Launceston rowers Henry Youl and Ciona Wilson off to Penrith

Uncharted waters: Launceston rower Ciona Wilson training on the Tamar River and hoping for a national call-up. Pictures: Rob Shaw
Uncharted waters: Launceston rower Ciona Wilson training on the Tamar River and hoping for a national call-up. Pictures: Rob Shaw

Henry Youl and Ciona Wilson are hoping their senior international rowing careers will begin with an invitation to the mainland later this month.

The Tamar rowers are both training under Tasmanian Institute of Sport rowing program coordinator Brendan Long seeking invites to National Training Centre testing camps in Penrith (for women) and Canberra (men).

While fellow TIS scholarship holder Blair Tunevitsch has been down the road before en route to becoming a 2011 world champion, for his clubmates the opportunity would be a significant step up the rowing ladder.

Nothing to lose: "I feel I might as well give it a crack," said Henry Youl.

Nothing to lose: "I feel I might as well give it a crack," said Henry Youl.

Youl has made the transition from juniors having twice rowed coxed fours at under-23 world championships, finishing third in Rotterdam last year and fifth in Plovdiv earlier this year.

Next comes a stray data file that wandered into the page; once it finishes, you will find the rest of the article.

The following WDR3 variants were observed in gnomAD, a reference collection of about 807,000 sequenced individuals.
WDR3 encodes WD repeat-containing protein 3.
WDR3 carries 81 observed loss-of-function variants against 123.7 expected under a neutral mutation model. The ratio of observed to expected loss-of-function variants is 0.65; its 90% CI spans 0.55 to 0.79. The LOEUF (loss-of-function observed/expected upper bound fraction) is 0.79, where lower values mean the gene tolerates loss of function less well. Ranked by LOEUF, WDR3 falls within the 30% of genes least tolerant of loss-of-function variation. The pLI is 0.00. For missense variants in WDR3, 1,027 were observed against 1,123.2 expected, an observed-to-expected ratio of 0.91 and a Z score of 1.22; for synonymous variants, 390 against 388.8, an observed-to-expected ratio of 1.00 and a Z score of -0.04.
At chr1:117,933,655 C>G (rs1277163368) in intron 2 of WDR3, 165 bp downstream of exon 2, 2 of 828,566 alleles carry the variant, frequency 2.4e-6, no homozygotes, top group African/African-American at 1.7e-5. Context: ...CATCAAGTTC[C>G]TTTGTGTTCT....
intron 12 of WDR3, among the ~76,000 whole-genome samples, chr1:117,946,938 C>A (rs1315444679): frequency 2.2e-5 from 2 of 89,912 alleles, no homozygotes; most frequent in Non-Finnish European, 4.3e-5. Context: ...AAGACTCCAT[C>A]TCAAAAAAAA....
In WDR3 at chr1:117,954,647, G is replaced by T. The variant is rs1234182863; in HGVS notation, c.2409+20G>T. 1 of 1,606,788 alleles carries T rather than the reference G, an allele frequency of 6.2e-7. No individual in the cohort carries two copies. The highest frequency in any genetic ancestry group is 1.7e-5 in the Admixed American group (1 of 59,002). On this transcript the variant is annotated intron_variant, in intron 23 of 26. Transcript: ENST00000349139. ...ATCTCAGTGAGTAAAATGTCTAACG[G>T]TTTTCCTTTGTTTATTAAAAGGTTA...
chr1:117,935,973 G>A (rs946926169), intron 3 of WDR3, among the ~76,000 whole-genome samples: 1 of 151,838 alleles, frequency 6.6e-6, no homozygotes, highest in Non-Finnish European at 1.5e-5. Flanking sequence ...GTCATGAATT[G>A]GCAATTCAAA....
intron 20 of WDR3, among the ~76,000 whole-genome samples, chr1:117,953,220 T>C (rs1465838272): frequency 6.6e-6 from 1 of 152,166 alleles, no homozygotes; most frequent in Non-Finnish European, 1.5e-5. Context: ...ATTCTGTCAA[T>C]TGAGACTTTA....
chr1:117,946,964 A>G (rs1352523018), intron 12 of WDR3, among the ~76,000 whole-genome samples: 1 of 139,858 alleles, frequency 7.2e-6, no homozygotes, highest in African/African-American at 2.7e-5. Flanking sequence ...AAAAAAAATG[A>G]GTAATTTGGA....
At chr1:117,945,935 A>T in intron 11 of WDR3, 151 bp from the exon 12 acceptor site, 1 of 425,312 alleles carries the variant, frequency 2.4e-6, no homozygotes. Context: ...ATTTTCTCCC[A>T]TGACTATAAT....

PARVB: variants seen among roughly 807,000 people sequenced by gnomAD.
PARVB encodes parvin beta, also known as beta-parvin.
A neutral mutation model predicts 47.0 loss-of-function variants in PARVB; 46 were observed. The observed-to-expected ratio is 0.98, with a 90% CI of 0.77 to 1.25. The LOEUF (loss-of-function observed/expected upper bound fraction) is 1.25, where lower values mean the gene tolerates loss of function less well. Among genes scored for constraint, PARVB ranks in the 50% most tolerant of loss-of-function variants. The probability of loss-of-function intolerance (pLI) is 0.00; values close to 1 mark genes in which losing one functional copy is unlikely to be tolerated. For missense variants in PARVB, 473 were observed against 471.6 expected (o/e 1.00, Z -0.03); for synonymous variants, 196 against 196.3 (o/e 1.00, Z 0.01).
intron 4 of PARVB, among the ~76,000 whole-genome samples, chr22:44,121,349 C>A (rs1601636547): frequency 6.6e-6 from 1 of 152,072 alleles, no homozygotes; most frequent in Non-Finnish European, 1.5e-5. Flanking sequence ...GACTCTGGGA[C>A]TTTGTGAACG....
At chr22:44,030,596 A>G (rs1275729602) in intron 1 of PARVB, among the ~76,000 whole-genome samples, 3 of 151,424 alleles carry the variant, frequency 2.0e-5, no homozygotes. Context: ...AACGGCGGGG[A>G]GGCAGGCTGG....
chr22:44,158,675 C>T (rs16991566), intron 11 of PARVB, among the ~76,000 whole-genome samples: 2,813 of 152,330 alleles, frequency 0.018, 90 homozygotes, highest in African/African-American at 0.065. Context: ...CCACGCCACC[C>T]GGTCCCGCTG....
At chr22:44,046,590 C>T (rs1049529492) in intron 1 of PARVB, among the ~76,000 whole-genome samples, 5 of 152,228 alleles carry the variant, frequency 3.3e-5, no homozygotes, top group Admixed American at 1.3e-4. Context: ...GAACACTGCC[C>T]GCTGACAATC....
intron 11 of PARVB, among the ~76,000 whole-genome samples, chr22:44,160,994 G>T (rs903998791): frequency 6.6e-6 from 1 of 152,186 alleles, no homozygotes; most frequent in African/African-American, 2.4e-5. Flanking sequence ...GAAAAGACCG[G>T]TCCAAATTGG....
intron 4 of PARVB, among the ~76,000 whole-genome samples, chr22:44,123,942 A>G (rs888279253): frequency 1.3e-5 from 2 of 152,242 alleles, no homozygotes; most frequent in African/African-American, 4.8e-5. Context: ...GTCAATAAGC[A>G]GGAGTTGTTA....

“There’s definitely unfinished business. I want to be a world champion,” said the 21-year-old wholesaler storeperson

“I just want to keep making the Australian team and hopefully get into NTC.

“​We’ve got a really good group here and love getting out there and tearing it up. It’s fun and having such a good sparring group helps you get a little bit more out of yourself and that’s where the improvement comes.”

Double act: Henry Youl and Blair Tunevitsch on the Tamar River.

Double act: Henry Youl and Blair Tunevitsch on the Tamar River.

Wilson, 25, is targeting Australia’s women’s pair, four or eight with the four the only women’s heavyweight event on the Olympic program.

“I feel I’m on target to make the NTC,” said the disability support worker. 

“It’s just a matter of performing when I need to in order to get selected. If I do, I would have to relocate to Penrith which I would be happy to do because the program has been quite successful and is a great environment with other girls to compete against.

“Here I’m the only female among this group but that’s good because if I can keep up with the boys it must be making me row faster.”

Both Launceston Church Grammar School products have their long-term sights set on the 2020 Olympics.

“I’d like to think I can make Tokyo. There are people my age at the NTC and there’s still three years to go but that will go pretty quickly,” Youl said. “I feel I might as well give it a crack because I’ve got nothing to lose.

“The Olympic Games is obviously the pinnacle and I will keep trying to make it either until I do or I get too old.”